On Trees, Forests and Machines -- or: Do new Brooms Clean Better?
Classical regression models, such as linear or logistic regression are the standard approach in biostatistics. In the past decade the statistical properties of several machine learning approaches, such as random forests or support vector machines have been better understood. For example, for random forests there are results available on consistency, convergence rates and asymptotic normality. However, machine learning approaches will only be used if the approaches are available in simple to use and fast implementations. In this presentation, I will focus on random forests as learning machine. In the part of the presentation, I will intuitively introduce classification trees and probability estimation trees. Trees will next be generalized to random forests. The statistical properties of random forests are sketched. A specific problem in machine learning is how probability estimates should be updated to make predictions for other centers or for different time points. In the second part of the presentation I will show that both a general approach by Elkan and a novel approach specifically developed for random forests can be used for calibrating probability estimates. The approach will be illustrated by use of data from the German Stroke Study Collaboration.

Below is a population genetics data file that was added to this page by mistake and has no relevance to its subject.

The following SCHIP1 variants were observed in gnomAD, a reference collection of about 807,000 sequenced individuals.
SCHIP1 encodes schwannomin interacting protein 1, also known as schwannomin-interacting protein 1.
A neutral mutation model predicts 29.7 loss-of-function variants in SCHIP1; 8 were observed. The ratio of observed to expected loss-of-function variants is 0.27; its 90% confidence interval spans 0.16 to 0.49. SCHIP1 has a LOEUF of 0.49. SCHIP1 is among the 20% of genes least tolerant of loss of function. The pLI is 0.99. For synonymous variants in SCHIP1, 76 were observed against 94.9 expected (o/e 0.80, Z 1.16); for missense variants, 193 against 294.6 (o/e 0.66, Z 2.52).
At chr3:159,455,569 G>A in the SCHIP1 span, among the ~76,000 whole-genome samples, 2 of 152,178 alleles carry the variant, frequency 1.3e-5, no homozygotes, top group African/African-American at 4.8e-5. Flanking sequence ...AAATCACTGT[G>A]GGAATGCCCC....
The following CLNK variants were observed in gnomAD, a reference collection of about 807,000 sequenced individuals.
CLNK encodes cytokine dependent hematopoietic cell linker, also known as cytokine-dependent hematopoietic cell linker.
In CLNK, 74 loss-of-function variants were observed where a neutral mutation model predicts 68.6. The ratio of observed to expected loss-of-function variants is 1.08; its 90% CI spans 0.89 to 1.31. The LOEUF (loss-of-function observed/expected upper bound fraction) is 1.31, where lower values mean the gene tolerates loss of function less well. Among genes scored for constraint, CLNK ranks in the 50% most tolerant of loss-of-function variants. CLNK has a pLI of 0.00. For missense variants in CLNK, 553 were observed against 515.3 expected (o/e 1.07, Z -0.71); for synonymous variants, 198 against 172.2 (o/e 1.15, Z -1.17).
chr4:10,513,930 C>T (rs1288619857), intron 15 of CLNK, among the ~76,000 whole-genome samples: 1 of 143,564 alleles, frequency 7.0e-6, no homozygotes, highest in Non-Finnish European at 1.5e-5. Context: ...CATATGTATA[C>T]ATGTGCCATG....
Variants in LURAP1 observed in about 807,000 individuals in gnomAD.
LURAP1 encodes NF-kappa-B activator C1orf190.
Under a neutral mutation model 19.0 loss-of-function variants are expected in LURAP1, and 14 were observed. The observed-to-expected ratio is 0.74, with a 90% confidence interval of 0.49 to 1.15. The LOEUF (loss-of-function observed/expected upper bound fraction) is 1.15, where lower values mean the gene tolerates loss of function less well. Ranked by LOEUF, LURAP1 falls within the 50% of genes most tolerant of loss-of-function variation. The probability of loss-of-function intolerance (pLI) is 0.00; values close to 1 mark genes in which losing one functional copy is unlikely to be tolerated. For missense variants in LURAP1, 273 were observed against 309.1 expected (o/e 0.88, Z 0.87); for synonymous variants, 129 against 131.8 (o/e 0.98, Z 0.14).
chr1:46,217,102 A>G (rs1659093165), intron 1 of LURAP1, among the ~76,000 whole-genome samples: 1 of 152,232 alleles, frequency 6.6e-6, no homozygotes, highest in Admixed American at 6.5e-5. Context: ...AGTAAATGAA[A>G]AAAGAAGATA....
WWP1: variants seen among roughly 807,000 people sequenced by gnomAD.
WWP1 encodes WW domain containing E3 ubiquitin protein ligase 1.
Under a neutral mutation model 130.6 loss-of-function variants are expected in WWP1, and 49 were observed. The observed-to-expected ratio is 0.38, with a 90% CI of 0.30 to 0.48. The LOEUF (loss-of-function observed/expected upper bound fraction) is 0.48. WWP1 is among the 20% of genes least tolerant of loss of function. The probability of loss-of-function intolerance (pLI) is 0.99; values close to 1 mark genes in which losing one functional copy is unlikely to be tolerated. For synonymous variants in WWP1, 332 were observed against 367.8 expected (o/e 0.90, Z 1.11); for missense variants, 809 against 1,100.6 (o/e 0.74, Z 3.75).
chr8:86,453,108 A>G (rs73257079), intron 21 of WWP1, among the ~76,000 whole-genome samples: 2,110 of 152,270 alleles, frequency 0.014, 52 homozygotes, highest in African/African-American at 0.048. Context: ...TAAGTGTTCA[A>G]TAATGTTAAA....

Professor Andreas Ziegler, Institut für Medizinische Biometrie und Statistik, Universität zu Lübeck